• 0
"Be kind, for everyone you encounter is fighting a great battle."
Philo

#28 garrin

garrin

    Rank: SEEDLING

  • IPS MEMBER
  • 205 posts
  • Gender:Male
  • Location:near hilo, hawaii

Posted 25 December 2007 - 12:01 PM

I thought I had psoted on this thread, but possibly it was the Newport Beach coconut thread, about coconuts growing at about 35 deg S. latitude at the north of New Zealand.  Apparently coconuts drift southward from the tropics on ocean currents and wash onto a few northern N.Z. beaches.  At one place a few years ago there were discovered a couple on a remote beach which had sprouted and been alive long enough even to form some trunk, even though very stunted.
I believe it was in the IPS journal, Palms, that a picture or two were shown, or perhaps it was on this message board.  Anyone recall?  Any other southern hemisphere contenders for the furthest south record?
  • 0
garrin in hawaii

#29 Tyrone

Tyrone

    Rank: SETTING SEED

  • IPS MEMBER
  • 7,801 posts
  • Gender:Male
  • Location:Albany Western Australia

Posted 25 December 2007 - 05:26 PM

I know about a coconut that was technically growing in NZ but it was on the Kermadec Islands which is at 29S and right in the middle of the subtropics. But I'd like to know of any growing on mainland NZ. Anyone know about it?

regards

Tyrone
  • 0

Millbrook, Western Australia 35S. Warm temperate. Csb Koeppen Climate classification. Winter 8C to 16C min/max, Summer 15C to 24C min/max. Approx 850mm rainfall with a winter peak. Driest month Feb with 25mm. 9km (5miles) from Southern Ocean. 6km (3.5miles) from Oyster Harbour. 13m asl. 1/3 clay, 2/3 peat soil on a flood plain.

 

It rains 6 months of the year and the other 6 months it continues dripping off the trees. 

The Tropical Look


#30 garrin

garrin

    Rank: SEEDLING

  • IPS MEMBER
  • 205 posts
  • Gender:Male
  • Location:near hilo, hawaii

Posted 29 December 2007 - 02:18 PM

I was perhaps recalling the Kermedec coconut and just remembering New Zealand connected with it.  I think the photos with article could have distracted my mind from the details.  If anyone knows for certain please correct me.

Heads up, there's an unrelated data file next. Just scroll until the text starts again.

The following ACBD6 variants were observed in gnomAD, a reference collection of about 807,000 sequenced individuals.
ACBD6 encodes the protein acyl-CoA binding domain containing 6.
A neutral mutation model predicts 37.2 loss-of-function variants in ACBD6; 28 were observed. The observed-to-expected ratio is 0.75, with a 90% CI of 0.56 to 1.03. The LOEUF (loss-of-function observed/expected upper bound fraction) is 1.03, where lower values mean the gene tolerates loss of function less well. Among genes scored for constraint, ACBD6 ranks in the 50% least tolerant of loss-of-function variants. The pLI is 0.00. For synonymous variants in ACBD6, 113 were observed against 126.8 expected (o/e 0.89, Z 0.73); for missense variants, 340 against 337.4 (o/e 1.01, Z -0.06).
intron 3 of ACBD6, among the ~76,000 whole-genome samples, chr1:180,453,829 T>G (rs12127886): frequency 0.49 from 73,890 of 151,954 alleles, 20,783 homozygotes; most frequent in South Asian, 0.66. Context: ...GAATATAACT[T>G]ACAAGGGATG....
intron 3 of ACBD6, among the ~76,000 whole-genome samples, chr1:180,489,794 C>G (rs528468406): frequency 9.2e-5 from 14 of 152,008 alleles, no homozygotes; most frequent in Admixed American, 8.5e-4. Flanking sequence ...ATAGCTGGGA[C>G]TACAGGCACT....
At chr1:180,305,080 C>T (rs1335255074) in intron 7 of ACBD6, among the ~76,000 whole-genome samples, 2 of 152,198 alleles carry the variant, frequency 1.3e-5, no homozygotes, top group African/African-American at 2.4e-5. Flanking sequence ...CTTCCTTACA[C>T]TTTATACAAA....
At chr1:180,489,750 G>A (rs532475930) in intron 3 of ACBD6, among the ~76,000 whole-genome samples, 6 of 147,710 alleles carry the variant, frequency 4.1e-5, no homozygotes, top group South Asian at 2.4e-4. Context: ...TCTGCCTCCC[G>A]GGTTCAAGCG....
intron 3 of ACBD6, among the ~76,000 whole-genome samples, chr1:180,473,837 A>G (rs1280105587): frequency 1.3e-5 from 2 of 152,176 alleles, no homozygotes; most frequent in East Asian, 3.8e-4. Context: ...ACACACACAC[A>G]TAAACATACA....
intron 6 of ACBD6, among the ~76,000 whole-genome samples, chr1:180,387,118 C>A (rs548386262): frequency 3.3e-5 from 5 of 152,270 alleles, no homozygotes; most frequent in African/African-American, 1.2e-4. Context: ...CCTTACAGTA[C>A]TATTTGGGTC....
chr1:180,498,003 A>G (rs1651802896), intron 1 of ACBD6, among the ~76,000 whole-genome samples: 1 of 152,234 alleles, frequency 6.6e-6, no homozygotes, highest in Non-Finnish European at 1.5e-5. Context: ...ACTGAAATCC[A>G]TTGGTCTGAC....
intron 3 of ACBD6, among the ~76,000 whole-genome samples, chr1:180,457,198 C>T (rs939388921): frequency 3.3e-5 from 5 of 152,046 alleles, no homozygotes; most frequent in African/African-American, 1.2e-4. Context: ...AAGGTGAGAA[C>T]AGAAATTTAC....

• 0
garrin in hawaii

#31 ed110220

ed110220

    Rank: GERMINATING

  • FORUM MEMBER
  • 57 posts
  • Location:Cape Town

Posted 16 July 2008 - 05:00 PM

I think what makes the climate of Port Elizabeth and the East Coast of South Africa in general special for its southerly latitude is a) the warm Agulhas Current brings warm waters down the coast out of the tropics and B) mountains near to and parallel with the coast exclude cold air from the interior. In addition Southern Hemisphere climates tend to be more oceanic than those in the north due to there being so much more ocean in the South.

Attached Thumbnails

  • SD_PE.jpg

  • 0

#32 bubba

bubba

    Rank: SETTING SEED

  • IPS MEMBER
  • 4,842 posts
  • Gender:Male
  • Location:223 Peruvian Ave. - Palm Beach, Florida

Posted 16 July 2008 - 05:18 PM

Ed, You are in Cape Town,where Dennis referred to nice Coconut specimens growing at 34S.Could you confirm?I have a relative in Spain working on them at 36N.We all would like to hear from Maurice in the Grecian Islands at 37N.Maurice.....
  • 0
"Be kind, for everyone you encounter is fighting a great battle."
Philo

#33 niftinfiftin

niftinfiftin

    Rank: SEEDLING

  • FORUM MEMBER
  • 141 posts
  • Gender:Male
  • Location:Nelson, New Zealand

Posted 16 July 2008 - 06:17 PM

I haven't heard of any coconuts growing in NZ, I believe it gets to cold in the winter. At most they would only survive one summer before slowly surcoming to death by cold. I think the palm Garrin was referring to was the stunted, yet growing coconut palm on Raoul Island, part of the Kermadec group, technically part of New Zealand, but quite a while away. I believe the palm has since died, and the photo was salvaged from an old post on this forum.
Regards,
Nathan

Attached Thumbnails

  • Raoul_Island_Coconut.jpg

  • 0
Nelson, NEW ZEALAND
Sheltered micro-climate
Min -2C, Max 34C
Latitude 41 Degrees South
Warm temperate climate, with over 2500 hours of sunshine per year.

#34 The Palm Nut

The Palm Nut

    Rank: TRUNKING

  • FORUM MEMBER
  • 797 posts
  • Gender:Male
  • Location:Port Macquarie NSW Australia

Posted 16 July 2008 - 07:08 PM

I believe that if I lived in Sydney and had the right microclimate I would be able to grow a coconut palm. Sydney is 34 degrees South. How long it would grow is another thing. So size does matter.
Mine is well over 30 feet and Iam at 31.25 south. I know of two which are south of me but still in the Port Macquarie district and only afew feet of trunk. Of course just north of me at Southwest Rocks, about 2hours drive, two coconuts palms are much older and look very healthy.
I would like to see one farther south and larger than mine. Anyone know of any?